*The current leading candidate is Randy Jackson. That Jackson and McDougald are both pretty low numbers on the checklist also suggests that the kids might have their piles sorted by number. 

The 1979 Topps cards of course are the cards that show up in Jean-Michel Basquiat’s Anti-product Baseball Cards. I mentioned a checklist in my post where Marc set me a few of these but I may as well put everything here.

William Klein’s “Baseball Cards”

☑︎ 1955 Bowman #9 Gil McDougald
☐ 1955 Bowman #87 Randy Jackson

Jean-Michel Basquiat’s Anti-product Baseball Cards

☐ 1979 Topps #58 Bob Randall (JERK)
☐ 1979 Topps #82 Mets Team Card (checklist)
☑︎ 1979 Topps #196 Steve Kemp (HOT DOG)
☐ 1979 Topps #315 John Matlack (Wally)
☑︎ 1979 Topps #343 Ed Glynn (BUS PASS)
☑︎ 1979 Topps #445 Steve Henderson (JOE)

I currently can’t think of any other cards for this PC—maybe the pair of Pete Rose 1985 Topps cards even though Andy Warhol’s print doesn’t match either of them—but I’m hoping more will come to me. Until then this is a fun thing to have going on in the background.

Some Random Pickups

A short post of a few pickups that came in before I left for vacation. These are all cards I never expected to get since they’ve been generally out of my league pricewise but one day my phone lit up with multiple Twitter DMs linking to the same ebay auctions for these at actually-reasonable prices.

Y’all are bad influences. But let’s go through these in order from oldest to newest.

Starting off we’ve got a 1958 HiRes Rootbeer card of Darryl Spencer. I have mixed feelings on this design. I don’t really like it on a personal level. At the same time it’s so weird and goofy that it’s the perfect oddball card. I also love this particular image since the khothole gang design works way better with action photos than portraits and the outfield advertisements add a ton of visual interest.

This design is also especially noteworthy as being one of Bowman’s three 1956 prototypes. One reason I don’t like it is that it’s way too visually similar to 1955 Bowman’s wood-paneled TVs. But I can totally see it being the starting design for 1962 Topps’s peeling posters on wood design (and by extension 1987’s wood panel homage to 1962).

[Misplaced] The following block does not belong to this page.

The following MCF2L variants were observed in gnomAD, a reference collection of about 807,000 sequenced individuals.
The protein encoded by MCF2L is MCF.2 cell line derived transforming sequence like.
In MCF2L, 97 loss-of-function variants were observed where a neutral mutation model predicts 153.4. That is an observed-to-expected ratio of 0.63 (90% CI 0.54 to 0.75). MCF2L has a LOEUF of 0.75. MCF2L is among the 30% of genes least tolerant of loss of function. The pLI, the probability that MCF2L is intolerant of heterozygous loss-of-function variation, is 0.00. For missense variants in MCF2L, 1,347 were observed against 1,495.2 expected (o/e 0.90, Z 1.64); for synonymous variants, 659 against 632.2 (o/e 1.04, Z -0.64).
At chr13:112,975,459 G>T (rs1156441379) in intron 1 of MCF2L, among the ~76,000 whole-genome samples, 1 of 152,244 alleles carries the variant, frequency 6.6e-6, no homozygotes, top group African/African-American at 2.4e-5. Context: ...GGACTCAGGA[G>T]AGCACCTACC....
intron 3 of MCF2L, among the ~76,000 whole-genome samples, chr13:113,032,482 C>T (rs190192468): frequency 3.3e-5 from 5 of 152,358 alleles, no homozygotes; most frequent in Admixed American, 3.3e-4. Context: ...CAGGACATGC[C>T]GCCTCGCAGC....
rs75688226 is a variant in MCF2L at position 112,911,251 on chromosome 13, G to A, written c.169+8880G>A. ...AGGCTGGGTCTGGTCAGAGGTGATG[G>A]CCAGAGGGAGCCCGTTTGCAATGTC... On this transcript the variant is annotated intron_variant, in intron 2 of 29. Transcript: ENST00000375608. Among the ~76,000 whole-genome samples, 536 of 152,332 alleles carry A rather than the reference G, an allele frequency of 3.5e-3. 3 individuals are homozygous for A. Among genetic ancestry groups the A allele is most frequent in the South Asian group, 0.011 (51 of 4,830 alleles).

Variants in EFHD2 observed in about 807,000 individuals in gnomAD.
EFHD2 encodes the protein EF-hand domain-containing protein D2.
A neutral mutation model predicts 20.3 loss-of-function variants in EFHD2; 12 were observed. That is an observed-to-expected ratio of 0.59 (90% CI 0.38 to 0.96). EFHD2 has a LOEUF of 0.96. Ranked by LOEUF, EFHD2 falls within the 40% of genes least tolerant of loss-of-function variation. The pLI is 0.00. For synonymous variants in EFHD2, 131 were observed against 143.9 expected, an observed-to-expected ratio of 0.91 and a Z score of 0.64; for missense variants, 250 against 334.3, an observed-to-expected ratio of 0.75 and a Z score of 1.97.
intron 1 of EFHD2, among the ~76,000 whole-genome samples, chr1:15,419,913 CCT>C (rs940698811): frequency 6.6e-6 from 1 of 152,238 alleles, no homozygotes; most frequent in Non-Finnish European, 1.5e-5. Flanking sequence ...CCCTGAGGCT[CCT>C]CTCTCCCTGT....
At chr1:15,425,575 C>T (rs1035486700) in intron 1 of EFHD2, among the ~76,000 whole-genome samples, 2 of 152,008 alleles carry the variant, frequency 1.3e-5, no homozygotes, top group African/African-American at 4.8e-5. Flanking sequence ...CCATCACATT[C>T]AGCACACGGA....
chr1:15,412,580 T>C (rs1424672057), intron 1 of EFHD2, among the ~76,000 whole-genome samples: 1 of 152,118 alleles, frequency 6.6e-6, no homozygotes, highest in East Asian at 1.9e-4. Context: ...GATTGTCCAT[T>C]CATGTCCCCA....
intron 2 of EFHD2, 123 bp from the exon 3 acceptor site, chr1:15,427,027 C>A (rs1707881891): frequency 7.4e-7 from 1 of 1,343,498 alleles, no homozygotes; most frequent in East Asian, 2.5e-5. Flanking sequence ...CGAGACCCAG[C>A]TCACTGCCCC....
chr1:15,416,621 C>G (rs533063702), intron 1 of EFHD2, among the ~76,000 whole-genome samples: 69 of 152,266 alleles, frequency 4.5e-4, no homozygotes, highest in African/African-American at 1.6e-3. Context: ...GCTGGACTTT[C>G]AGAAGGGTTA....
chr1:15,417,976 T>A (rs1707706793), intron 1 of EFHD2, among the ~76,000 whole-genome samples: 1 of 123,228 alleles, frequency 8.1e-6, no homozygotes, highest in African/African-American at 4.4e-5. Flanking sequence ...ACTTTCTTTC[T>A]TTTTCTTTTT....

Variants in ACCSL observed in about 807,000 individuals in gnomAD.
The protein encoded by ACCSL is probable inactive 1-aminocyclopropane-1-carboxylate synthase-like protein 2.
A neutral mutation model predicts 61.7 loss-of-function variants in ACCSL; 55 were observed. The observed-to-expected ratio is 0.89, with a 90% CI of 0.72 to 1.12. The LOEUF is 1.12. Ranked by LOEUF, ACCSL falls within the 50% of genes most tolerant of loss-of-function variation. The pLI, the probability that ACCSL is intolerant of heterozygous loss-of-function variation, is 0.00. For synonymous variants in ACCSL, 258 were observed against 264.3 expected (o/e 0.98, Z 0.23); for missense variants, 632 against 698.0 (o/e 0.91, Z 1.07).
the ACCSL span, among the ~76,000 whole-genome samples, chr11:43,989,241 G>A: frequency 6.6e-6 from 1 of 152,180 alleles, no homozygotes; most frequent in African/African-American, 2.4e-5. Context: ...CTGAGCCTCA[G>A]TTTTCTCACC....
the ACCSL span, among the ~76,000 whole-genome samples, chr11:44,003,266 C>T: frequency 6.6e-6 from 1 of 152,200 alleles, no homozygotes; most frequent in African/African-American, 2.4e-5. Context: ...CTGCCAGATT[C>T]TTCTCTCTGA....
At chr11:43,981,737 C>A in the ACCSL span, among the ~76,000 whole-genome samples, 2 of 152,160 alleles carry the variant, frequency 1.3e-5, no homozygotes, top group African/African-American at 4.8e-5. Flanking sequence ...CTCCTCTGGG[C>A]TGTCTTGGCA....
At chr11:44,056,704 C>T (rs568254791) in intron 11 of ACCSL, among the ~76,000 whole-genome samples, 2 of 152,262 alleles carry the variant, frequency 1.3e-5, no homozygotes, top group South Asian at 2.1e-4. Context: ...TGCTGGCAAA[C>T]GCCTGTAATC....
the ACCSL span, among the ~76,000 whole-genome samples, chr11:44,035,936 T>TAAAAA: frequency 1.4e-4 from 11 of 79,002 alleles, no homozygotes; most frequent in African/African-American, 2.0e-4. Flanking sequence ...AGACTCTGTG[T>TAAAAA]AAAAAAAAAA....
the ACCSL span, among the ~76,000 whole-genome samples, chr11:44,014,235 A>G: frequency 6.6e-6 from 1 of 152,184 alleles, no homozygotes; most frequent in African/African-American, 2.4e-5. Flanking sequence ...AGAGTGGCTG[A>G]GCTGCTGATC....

I always wanted one of these, never thought I’d get one, so having one in the binder now makes me super happy.

Next is a 1966 Topps Rub Off of Jim Hart.* Unlike the Hires cards these never really appealed to me. Besides the reversed image they’re also pretty flimsy and blurry. At the right price though I can obviously be convinced to get a sample.

*Which confuses me a little because so many of the letters in his name are symmetric and I can’t not read this as Trah Mil. 

It is indeed fun to get to know all the different things Topps tried in the 1960s and I’ve only scratched the surface with the Rub Off and this 1968 sticker of Mike McCormick. I’ve no stamps, decals, stand ups, or god knows what else but these are definitely fun to add to the binder even though I never search for them.

I think the McCormick sticker was peeled off and stuck to something at some point since it feels like the kiss-cut outline of a real sticker instead of a janky handcut. Plus the back could totally be no-longer-sticky adhesive. This set is more fun than the Rub Offs with it’s brighter colors and heavy black outlines and while I don’t feel it for these small stickers I absolutely feel he appeal for the full-size ones. Those however are definitely out of my price range.

Thanks goes to everyone who let me know about these. You troublemakers know who you are and my collection is definitely better and more interesting as a result.

Mailday from Bru

Found a nice PWE from Marc in my mailbox last week. School is over and summer has officially begun so it’s nice to start it off with some cards in the mail.